Matangi is the Hindu Goddess of Inner Thought and Wisdom. This means she oversees the spoken word as she mystically presides over the more mystic inner kind of knowledge. Matangi is the ninth among the Dasa Maha Vidyas and is their doorkeeper but she is a primary form as the all powerful Goddess. As the highest truth, she is not bound by caste regulations or rules. She is described as the Dark One, a form of Saraswathi, incarnated as the daughter of Matang Rishi, a chandal who resisted the caste system and achieved brahimhood through karma. She worshiped Indra and later Goddess Saraswathi and became his daughter. In the mythic cycle of Daksha yajna, she appears as a manifestation of Sati, wife of Lord Siva and the Daksha’s daughter.
Lord Siva is also known as Matang. His Shakti or power is called Matangi. The goddess has dark emerald complexion and possesses a disc of a moon on her forehead. The three-eyed goddess is seated on the crown decorated with jewels. Her eyes are intoxicated. She is sixteen with a full breast and slim waist. Below her navel are three horizontal folds of skin. Her luster is like a blue lotus and is destroyer like forest fire. In each of her four hands, she has a noose, a mace, an axe and a hook. She is a destroyer of the demons by enchanting them first with her beauty and fulfiller of every desire of her devotees. At times she is seen seated on a corpse, holding a skull and a bowl of blood and untidy long hair. She is sometimes depicted with dark green skin and three eyes and holds a parrot and a jewel encrusted veena. This is the same musical instrument as Saraswathi. Matangi is surroundered by nature especially birds, green and red parrots which represent a guru.
In mythology, Matangi is associated with Ucchista Matangini, the Goddess who loves pollution explained by her origins. Once Lord Vishnu and his consort Lakshmi visited Lord Siva and Parvathi. The guests made food offerings, which while being tasted dropped to the floor. Ucchista means spittle defiled or polluted. From this prasada evolved a maiden known as Ucchista Matangini. Matangi is also associated with Tantra. Pranatosini Tantra traces the origin of Matangini. Once Parvathi left Siva and did not return for some time. Siva disguised himself as an ornament maker and tested her faithfulness. Parvathi did not give in but became furious. Later Parvathi disguised herself as a huntress. Siva was so impressed and turned himself as a chandala. They made love and the goddess requested that they make love in the form of chandala for this form to last forever as Uccista-Chandalini. In Svatantra Tantra legend, sage Matanga assumed austerities to suppress all creatures. After a considerable period, Goddess Tripurasundari appeared and emitted rays from her eyes from which Kali emerged with a greenish complexion and took the form of Raja-Matangini. Thus creatures were all brought under control.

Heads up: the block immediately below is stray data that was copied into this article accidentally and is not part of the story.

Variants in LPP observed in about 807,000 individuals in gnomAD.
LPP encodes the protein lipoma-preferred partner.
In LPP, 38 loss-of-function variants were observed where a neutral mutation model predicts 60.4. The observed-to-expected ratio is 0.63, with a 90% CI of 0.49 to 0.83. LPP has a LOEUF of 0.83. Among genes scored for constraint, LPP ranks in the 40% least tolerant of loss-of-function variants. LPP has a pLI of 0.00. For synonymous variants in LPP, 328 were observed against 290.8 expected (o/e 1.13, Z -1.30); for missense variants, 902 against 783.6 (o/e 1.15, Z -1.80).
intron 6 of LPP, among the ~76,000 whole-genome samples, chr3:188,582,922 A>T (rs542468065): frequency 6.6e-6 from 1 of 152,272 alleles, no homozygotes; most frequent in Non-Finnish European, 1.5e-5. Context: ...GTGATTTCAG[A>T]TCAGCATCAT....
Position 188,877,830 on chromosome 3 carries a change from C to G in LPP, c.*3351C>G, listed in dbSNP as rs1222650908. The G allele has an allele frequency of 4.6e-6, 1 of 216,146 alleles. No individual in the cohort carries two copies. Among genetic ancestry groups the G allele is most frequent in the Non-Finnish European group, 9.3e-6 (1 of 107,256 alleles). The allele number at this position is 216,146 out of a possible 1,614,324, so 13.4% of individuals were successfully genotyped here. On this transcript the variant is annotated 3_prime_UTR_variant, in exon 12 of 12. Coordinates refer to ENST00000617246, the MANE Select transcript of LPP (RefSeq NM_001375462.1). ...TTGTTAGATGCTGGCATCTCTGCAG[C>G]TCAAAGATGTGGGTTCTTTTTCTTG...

Matangi is the advisor to Goddess Tripura Sundari who summons her to attain command over speech and knowledge. It is said that Matangi manifests Herself as Goddess Meenakshi Amman at Madurai. She is also worshipped as Ellama and this is connected to the myth of Parasurama placing the head of Renuka on a recluse woman. Renuka was the daughter of Renu. She was married to sage Jamadagni and their son was Parasurama. (Renuka-Ellamma would be posted under separate cover) Thus Matangi appears in varying conceptions. Her dhyanas too are diverse: Her complexion can range from white to depict Tantric Saraswathi; brown or black to depict tribal chandala or green as Madurai Meenakshi. She also personifies as Shyamala or Kali.
Goddess Matangi is the embodiment of thought. As Divine Speech, She is the Goddess of the spoken word as well as outward articulation of inner knowledge, including all forms of art, music and dance. Matangi relates to Saraswati, the Goddess of wisdom and knowledge. She is the form of Saraswati directed towards inner knowledge. She represents the teachings of the guru, and the continuity of spiritual instruction in the world. By honouring her, we also honour the guru. Those seeking to teach others should seek the grace of Matangi. She is the cosmic power that makes a householder’s life comfortable by granting the principle objects of a householder – dharma, artha, kama and moksha. She is the goddess of beauty, marriage, happy life and material gains. The devotees of Matangi is known to be blessed with Her grace of proficiency in poetry, music, dancing and the fine-arts in their chosen field.